Stanley Kurtz sums up well the primary case against Obama:
Obama is clever and pragmatic, it’s true. But his pragmatism is deployed on behalf of radical goals. Obama’s heart is, and will remain, with the Far Left. Yet he will surely be cautious about grasping for more, at any given moment, than the political traffic will bear. That should not be mistaken for genuine moderation. It will merely be the beginning stages of a habitually incremental radicalism. In his heart and soul, Barack Obama was and remains a radical-stealthy, organizationally sophisticated, and — when necessary — tactically ruthless. The real Obama — the man beyond the feel-good symbol — is no mystery. He’s there for anyone willing to look. Sad to say, few are.
I would add that Obama seeks a return to the revolutionary meaning of the Declaration of Independence. This is not--especially not--Harry Jaffa’s Lincoln’s Declaration or some sentimental historical document. Obama’s revolutionary Declaration is an imperative of audacious hope; this lies behind Reverend Wright’s thunderous sermons, this inspires terrorist Bill Ayers, this moves minorities in Chicago; this fuels Barack Obama’s soul. His Audacity of Hope is a brilliant example of how to argue as a radical while appearing to be a moderate. Charles Kesler has opened this window on Obama’s soul.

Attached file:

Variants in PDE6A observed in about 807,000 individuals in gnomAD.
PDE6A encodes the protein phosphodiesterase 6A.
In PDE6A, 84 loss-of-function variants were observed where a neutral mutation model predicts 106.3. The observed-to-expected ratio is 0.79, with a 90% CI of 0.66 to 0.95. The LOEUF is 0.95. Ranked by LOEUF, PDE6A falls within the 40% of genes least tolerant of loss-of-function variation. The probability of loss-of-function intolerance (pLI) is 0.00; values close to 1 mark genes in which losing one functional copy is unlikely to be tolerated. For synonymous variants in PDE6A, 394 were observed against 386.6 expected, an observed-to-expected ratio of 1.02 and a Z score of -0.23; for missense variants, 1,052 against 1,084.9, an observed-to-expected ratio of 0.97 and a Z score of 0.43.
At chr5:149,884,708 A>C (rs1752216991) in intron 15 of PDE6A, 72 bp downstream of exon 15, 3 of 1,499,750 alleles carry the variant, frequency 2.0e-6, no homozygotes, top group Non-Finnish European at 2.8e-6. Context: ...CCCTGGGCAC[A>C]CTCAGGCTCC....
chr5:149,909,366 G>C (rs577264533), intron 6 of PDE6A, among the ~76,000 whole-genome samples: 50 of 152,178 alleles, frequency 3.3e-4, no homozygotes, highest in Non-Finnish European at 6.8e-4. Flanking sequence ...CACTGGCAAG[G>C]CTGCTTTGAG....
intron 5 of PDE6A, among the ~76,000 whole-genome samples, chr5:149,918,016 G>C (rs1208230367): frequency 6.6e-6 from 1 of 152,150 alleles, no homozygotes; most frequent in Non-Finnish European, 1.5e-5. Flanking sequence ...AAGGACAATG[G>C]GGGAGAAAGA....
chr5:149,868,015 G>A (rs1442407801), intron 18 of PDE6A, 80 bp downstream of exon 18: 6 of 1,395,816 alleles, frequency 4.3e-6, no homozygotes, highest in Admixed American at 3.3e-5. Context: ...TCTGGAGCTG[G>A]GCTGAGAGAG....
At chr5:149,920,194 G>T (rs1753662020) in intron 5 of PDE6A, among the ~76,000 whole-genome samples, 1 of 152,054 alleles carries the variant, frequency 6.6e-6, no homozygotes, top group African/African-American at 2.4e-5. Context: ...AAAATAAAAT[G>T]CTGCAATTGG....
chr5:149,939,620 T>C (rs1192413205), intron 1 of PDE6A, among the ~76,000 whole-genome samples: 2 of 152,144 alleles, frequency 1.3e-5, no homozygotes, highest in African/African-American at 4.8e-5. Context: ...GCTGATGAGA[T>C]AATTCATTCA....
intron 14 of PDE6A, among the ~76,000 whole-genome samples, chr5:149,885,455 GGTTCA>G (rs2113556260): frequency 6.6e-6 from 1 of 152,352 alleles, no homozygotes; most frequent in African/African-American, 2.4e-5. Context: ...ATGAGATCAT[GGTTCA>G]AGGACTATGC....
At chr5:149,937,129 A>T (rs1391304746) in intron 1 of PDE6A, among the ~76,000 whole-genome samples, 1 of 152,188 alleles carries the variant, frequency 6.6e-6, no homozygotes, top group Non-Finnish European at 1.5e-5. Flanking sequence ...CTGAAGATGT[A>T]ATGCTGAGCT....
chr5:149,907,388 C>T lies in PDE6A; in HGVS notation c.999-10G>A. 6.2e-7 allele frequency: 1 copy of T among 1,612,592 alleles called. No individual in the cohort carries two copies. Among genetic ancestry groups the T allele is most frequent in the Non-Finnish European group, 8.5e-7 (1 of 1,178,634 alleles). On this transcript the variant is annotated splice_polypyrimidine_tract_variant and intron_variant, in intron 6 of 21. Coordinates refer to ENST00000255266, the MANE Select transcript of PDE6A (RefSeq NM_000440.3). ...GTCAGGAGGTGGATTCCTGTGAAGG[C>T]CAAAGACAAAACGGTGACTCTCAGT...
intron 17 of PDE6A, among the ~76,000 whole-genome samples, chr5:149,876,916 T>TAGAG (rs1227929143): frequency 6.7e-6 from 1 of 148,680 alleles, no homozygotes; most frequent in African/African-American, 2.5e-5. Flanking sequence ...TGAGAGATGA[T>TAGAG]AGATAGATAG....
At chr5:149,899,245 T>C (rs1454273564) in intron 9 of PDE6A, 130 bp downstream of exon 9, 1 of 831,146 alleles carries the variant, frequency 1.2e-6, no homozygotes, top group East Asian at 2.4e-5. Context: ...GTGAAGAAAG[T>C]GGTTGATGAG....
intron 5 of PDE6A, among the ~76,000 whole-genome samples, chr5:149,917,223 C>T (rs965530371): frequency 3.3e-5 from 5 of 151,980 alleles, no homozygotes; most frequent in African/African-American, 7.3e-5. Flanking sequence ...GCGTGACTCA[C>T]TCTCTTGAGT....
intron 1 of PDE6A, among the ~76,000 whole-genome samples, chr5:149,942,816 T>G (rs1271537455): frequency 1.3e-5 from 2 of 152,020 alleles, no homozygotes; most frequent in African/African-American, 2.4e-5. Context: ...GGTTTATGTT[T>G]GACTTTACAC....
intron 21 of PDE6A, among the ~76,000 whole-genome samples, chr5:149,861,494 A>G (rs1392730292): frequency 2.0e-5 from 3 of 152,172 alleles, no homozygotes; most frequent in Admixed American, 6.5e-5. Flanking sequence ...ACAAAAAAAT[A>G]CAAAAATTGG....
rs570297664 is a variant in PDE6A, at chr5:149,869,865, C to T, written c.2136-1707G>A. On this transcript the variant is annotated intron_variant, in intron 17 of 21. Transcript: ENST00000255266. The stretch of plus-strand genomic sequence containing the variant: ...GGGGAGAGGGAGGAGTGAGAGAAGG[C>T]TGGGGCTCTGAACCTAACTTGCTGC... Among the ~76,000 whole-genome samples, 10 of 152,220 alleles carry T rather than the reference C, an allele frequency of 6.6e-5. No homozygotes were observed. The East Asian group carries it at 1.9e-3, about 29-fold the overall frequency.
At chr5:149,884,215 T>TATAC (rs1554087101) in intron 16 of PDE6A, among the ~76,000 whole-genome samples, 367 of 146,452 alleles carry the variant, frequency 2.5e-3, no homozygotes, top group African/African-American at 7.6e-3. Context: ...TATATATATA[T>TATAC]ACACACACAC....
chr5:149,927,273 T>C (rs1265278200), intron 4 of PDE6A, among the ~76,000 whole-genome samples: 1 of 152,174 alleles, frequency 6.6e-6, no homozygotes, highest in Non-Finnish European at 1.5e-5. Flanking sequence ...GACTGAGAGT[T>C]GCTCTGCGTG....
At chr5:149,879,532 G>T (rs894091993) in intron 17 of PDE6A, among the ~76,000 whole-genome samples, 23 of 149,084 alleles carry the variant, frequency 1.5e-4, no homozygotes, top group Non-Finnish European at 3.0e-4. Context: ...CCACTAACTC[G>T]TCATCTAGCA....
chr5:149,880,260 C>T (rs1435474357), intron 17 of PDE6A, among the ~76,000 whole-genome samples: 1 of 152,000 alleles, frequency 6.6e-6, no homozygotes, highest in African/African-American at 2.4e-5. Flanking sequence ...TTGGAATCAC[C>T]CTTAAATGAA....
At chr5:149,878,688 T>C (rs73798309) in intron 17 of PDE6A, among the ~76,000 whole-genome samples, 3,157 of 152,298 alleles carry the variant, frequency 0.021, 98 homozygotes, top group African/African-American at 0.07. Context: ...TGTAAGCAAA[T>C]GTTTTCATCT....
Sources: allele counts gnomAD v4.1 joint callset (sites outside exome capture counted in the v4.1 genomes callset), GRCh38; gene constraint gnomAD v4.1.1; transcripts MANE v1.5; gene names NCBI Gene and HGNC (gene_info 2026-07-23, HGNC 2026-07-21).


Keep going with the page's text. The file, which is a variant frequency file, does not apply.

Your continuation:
Any post-mortems on the election, whatever its result, must indict leading Republican politicians for failure to have read and understood Obama’s books. It is a sign of the intellectual corruption that infects Republican politics.
As in all watershed elections, the interpretation of the Declaration of Independence will play the central role, as it did in 1800, 1860, 1932, and (to a lesser extent) 1980. The true Republican Party reform begins by its rearticulating the meaning of the Declaration of Independence for the 21st century. That interpretation must not lack in audacity or hope, not to speak of defenses of the rule of law and natural rights.